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ADVOCATE-GENERAL AGREES WITH POTTER CLARKSON: NEGATIVE TERM SPCS SHOULD BE ACCEPTABLE

16 June 2011

SPCs
 
SPCs provide additional protection, beyond patent  expiry, for products (medicinal or plant protection) that  require a marketing authorisation.
 
Extension  of SPC  Duration
 
The  duration of an SPC is calculated using the following formula:
 
Duration = {[Date of 1st relevant Marketing Authorisation)  -  (Patent Filing Date)] - 5}, subject to a maximum of 5 years.
 
However, since early 2007, a 6-month  extension to an existing SPC has been available in respect of products for which clinical trials have taken place in the paediatric population in accordance with an investigation plan approved by the European Medicines Agency.
 
The additional 6 months creates the possibility of obtaining a positive SPC term even if the equation would have previously led to a zero or negative figure (i.e. when less than 5 years has elapsed between patent filing and marketing authorisation issuance).
 
The question then arises of whether the SPC legislation allows the granting of SPCs that, in the absence of extension, would have a zero or a negative term.
 
In the article, "Making the Most of Paediatric SPC Extensions", published on 7 July 2007 in RAJ Pharma, Mike Snodin and John Miles of our firm argued that zero or negative term SPCs should be granted, in order to enable those conducting clinical trials in the paediatric population to benefit from the 6-month extension of SPC term provided by Regulation No.1901/2006 as a reward for conducting those trials.
 
Sitagliptin
 
Mike and John's hypothesis was tested when Merck & Co. applied for SPCs across Europe in respect of sitagliptin, a product which obtained a relevant marketing  authorisation 4 years, 8 months and 16 days after  the filing date of  the patent upon which the SPC applications were based.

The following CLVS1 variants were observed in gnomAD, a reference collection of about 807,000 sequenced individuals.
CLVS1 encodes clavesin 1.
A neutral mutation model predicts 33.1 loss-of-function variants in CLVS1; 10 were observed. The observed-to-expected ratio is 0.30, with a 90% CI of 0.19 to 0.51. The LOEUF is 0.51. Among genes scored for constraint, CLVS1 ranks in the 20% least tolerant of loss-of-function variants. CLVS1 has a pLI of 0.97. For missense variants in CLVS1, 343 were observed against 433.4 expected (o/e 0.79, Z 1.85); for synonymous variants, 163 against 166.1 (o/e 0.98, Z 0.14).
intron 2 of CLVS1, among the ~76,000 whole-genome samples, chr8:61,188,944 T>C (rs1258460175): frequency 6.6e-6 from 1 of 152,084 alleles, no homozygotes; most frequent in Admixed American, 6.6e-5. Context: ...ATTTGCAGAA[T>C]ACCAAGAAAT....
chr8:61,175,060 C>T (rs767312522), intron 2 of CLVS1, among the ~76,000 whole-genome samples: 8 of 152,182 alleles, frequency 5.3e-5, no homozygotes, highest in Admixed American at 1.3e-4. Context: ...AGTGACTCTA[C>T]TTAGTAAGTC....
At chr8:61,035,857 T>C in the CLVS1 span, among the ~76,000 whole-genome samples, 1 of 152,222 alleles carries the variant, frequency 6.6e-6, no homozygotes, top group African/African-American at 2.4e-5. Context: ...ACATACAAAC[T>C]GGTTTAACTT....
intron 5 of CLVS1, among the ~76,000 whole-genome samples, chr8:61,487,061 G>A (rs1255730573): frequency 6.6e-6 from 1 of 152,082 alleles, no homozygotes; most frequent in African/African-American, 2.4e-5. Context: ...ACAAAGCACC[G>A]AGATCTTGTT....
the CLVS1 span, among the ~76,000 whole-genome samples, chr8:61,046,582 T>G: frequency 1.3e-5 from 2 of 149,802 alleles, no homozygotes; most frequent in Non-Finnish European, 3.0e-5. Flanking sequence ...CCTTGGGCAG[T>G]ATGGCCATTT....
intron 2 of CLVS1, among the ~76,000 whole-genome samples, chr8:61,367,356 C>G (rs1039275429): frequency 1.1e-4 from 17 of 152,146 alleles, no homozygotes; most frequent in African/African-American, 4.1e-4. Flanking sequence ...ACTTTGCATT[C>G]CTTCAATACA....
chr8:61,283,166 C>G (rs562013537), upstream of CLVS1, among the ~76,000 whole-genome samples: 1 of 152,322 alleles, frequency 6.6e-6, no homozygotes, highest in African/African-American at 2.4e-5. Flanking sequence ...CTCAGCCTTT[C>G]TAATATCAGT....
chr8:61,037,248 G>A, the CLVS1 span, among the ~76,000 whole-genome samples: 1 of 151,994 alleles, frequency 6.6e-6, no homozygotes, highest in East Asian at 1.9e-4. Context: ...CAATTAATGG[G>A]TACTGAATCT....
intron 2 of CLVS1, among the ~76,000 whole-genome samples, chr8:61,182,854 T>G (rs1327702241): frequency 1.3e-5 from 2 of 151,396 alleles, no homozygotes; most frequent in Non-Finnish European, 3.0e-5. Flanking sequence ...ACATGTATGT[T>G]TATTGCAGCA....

Several patent offices granted SPCs for sitagliptin with either a zero term (Greece) or a negative term (the UK and the Netherlands), but applications were refused in other territories including Germany.
 
Merck  appealed  the  refusal  of the German SPC application to the German Federal Court of Justice (Bundesgerichtshof). On hearing the arguments, the Bundesgerichtshof referred the following question to the CJEU (as case C-125/10).
 
"Can  a supplementary protection certificate for medicinal products be granted if the period of time between  the filing of the application for the basic patent and the date of the first authorisation for marketing in the Community is shorter than five years?"
 
Advocate-General's   opinion
 
Encouragingly, the Advocate-General Yves Bot's opinion is that the answer to the question should be "yes".  Although the opinion is not yet available in  English, Mr Bot's reasoning appears to be in line with the arguments set out in the above-mentioned 2007 article.
 
Of the two possible alternatives presented by Mike and John for calculating the term of an  extended  SPC, Mr Bot has proposed adopting the one  that is less generous to SPC owners ("Model A" in the 2007 article). This  appears to  be on the ground that, according to  Mr Bot, the original SPC legislation and Regulation No.1901/2006 have the combined objective of ensuring a maximum total of 15 and a half years   of post-marketing exclusivity for products benefiting from both patent and SPC protection.
 
Action points
 
Please contact us for advice if you have a medicinal product for which:
 
(a)   a marketing authorisation  could be (or has been) issued in Europe before 5 years have expired from the date of filing of a patent protecting the product; and
(b)  the results from clinical trials in the paediatric population have been
(or  will  be) submitted to one or more regulatory bodies in Europe.
 
If these conditions are met, you may be entitled to more Supplementary Protection than is conventionally  available.
 
If you require any further information, please contact our SPC & Regulatory group.

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